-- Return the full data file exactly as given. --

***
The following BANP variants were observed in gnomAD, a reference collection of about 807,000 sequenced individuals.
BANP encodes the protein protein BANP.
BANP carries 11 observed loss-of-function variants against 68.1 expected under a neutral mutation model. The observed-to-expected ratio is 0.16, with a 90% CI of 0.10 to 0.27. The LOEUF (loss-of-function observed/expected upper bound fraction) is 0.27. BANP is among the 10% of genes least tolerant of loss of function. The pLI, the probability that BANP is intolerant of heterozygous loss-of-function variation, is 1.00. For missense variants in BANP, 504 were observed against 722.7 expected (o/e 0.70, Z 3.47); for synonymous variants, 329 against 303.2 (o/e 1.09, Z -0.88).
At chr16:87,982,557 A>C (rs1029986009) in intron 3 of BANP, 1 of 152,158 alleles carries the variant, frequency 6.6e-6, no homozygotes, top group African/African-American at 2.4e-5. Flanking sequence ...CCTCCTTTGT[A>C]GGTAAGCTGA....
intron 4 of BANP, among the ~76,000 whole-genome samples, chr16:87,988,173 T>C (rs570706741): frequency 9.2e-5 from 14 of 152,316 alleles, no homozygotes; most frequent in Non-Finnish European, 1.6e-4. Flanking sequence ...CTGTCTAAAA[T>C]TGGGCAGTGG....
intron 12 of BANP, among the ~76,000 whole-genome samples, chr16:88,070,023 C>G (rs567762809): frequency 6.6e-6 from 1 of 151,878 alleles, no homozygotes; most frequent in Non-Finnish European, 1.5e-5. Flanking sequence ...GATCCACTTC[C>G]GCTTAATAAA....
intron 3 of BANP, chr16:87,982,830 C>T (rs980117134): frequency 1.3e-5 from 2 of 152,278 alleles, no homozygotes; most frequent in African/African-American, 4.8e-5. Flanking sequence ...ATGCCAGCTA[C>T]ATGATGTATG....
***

The following BANP variants were observed in gnomAD, a reference collection of about 807,000 sequenced individuals.
BANP encodes the protein protein BANP.
BANP carries 11 observed loss-of-function variants against 68.1 expected under a neutral mutation model. The observed-to-expected ratio is 0.16, with a 90% CI of 0.10 to 0.27. The LOEUF (loss-of-function observed/expected upper bound fraction) is 0.27. BANP is among the 10% of genes least tolerant of loss of function. The pLI, the probability that BANP is intolerant of heterozygous loss-of-function variation, is 1.00. For missense variants in BANP, 504 were observed against 722.7 expected (o/e 0.70, Z 3.47); for synonymous variants, 329 against 303.2 (o/e 1.09, Z -0.88).
At chr16:87,982,557 A>C (rs1029986009) in intron 3 of BANP, 1 of 152,158 alleles carries the variant, frequency 6.6e-6, no homozygotes, top group African/African-American at 2.4e-5. Flanking sequence ...CCTCCTTTGT[A>C]GGTAAGCTGA....
intron 4 of BANP, among the ~76,000 whole-genome samples, chr16:87,988,173 T>C (rs570706741): frequency 9.2e-5 from 14 of 152,316 alleles, no homozygotes; most frequent in Non-Finnish European, 1.6e-4. Flanking sequence ...CTGTCTAAAA[T>C]TGGGCAGTGG....
intron 12 of BANP, among the ~76,000 whole-genome samples, chr16:88,070,023 C>G (rs567762809): frequency 6.6e-6 from 1 of 151,878 alleles, no homozygotes; most frequent in Non-Finnish European, 1.5e-5. Flanking sequence ...GATCCACTTC[C>G]GCTTAATAAA....
intron 3 of BANP, chr16:87,982,830 C>T (rs980117134): frequency 1.3e-5 from 2 of 152,278 alleles, no homozygotes; most frequent in African/African-American, 4.8e-5. Flanking sequence ...ATGCCAGCTA[C>T]ATGATGTATG....